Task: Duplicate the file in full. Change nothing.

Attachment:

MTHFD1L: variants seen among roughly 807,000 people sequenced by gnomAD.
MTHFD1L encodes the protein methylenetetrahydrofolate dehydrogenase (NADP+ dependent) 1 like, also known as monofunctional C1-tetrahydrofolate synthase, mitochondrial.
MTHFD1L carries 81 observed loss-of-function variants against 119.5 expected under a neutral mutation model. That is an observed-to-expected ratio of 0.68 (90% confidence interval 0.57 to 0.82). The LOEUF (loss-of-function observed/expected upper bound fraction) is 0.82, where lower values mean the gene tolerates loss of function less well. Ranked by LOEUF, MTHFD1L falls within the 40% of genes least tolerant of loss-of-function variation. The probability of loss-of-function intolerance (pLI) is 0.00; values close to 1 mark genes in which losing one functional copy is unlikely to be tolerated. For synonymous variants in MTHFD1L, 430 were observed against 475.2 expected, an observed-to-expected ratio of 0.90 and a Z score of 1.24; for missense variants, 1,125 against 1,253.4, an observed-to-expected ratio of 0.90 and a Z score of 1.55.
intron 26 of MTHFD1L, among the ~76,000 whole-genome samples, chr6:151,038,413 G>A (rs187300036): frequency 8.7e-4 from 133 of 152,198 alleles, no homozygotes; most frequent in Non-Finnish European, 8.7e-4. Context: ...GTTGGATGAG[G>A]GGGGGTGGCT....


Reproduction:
MTHFD1L: variants seen among roughly 807,000 people sequenced by gnomAD.
MTHFD1L encodes the protein methylenetetrahydrofolate dehydrogenase (NADP+ dependent) 1 like, also known as monofunctional C1-tetrahydrofolate synthase, mitochondrial.
MTHFD1L carries 81 observed loss-of-function variants against 119.5 expected under a neutral mutation model. That is an observed-to-expected ratio of 0.68 (90% confidence interval 0.57 to 0.82). The LOEUF (loss-of-function observed/expected upper bound fraction) is 0.82, where lower values mean the gene tolerates loss of function less well. Ranked by LOEUF, MTHFD1L falls within the 40% of genes least tolerant of loss-of-function variation. The probability of loss-of-function intolerance (pLI) is 0.00; values close to 1 mark genes in which losing one functional copy is unlikely to be tolerated. For synonymous variants in MTHFD1L, 430 were observed against 475.2 expected, an observed-to-expected ratio of 0.90 and a Z score of 1.24; for missense variants, 1,125 against 1,253.4, an observed-to-expected ratio of 0.90 and a Z score of 1.55.
intron 26 of MTHFD1L, among the ~76,000 whole-genome samples, chr6:151,038,413 G>A (rs187300036): frequency 8.7e-4 from 133 of 152,198 alleles, no homozygotes; most frequent in Non-Finnish European, 8.7e-4. Context: ...GTTGGATGAG[G>A]GGGGGTGGCT....